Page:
pwV "how" - Adverbial, expressing manner.

peripatein kai areskein "to live in order to please [God]" - [as you received instruction from us how it is necessary for you] to walk and to please [God]. These two infinitives serve as the subject of the verb dei "it is necessary" = "to walk and to please God is necessary for you." Bruce suggests a hendidys, ie. a single idea expressed by two words joined by "and" = "to walk so as to please God"; "satisfy", Moffatt; or better, "serve". We naturally assume that the "walk" here refers to ethical behavior (dealing with personal righteousness), but we must remember that the only "service" acceptable to God is faith in Christ's acceptable service (Rom.1:5, uJpakohn pistewV "obedience of faith." A pesky genitive = the obedience that consists of faith, or the obedience that derives from faith???). Our faith in Christ is the only action that properly pleases God.

kaqwV "as [in fact you are living]" - as [indeed you do walk]. Comparative.

erwtwmen (erwtaw) pres. "we ask" - Although the sentence is somewhat difficult to translate, it is simply an exhortation that the Thessalonians behave properly in line with the instructions Paul and his mission team have previously given them, this instruction being that the they live in a satisfactory way toward God.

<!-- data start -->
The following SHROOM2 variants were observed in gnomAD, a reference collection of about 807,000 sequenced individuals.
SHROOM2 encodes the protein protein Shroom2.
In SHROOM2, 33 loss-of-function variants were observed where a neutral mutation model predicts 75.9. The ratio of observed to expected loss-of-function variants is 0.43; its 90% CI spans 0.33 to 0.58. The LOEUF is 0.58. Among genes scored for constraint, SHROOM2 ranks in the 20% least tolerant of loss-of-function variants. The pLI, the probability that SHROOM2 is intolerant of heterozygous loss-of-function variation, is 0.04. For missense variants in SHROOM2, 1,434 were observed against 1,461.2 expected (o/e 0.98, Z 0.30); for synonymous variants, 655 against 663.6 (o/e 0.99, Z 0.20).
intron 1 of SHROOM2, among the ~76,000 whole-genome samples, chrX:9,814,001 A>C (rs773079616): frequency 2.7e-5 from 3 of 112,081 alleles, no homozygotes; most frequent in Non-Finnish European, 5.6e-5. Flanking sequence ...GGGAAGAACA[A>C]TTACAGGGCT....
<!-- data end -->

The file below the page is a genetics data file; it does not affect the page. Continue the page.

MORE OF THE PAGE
parakaloumen (parakalew) pres. "urge" - we encourage. Serving to strengthen the asking. "We have one thing to ask of you", REB.

en + dat. "in [the Lord Jesus]" - Probably instrumental, "by the authority of the Lord Jesus", or if local, as in "association with", "as a Christian fellowship", Barclay.


gar "for" - Expressing cause/reason; introducing a causal clause explaining why Paul need only encourage the Thessalonian believers to extend themselves in their Christian walk, rather than have to condemn them or make demands of them, namely, because they understand and have applied the teaching he gave them during his mission with them.

oidate (oida) perf. "you know" - Repeating the point made in v1.

uJmin dat. pro. "[we gave] you" - [we gave] to you. Dative of indirect object.

dia + gen. "by the authority of [the Lord Jesus]" - through, by means of [the Lord Jesus]. Here expressing agency. "By the authority" is a bit of a stab, but is also adopted by Moffatt, Weymouth, Williams... A literal "through the Lord Jesus", NAB, may be safer since Paul is not necessarily taking a stand at this point.


ii] Paul now addresses the specific issue of marital faithfulness / sexual propriety, v3-8. It remains unclear whether Paul is simply reinforcing his previous teaching on the divine norms which govern sexuality, or whether he is addressing a problem of immorality that has developed in the church, a problem reported to him by Timothy. The former option seems best, although numerous commentators take the latter position, eg. Green. Sexual laxity was the norm in pagan / Gentile / secular society, as Demosthenes puts it, "mistresses we keep for the sake of pleasure, concubines for the daily care of our persons, but wives to bear us legitimate children." Obviously Paul is obliged, as apostle to the Thessalonian church, to reinforce Biblical norms.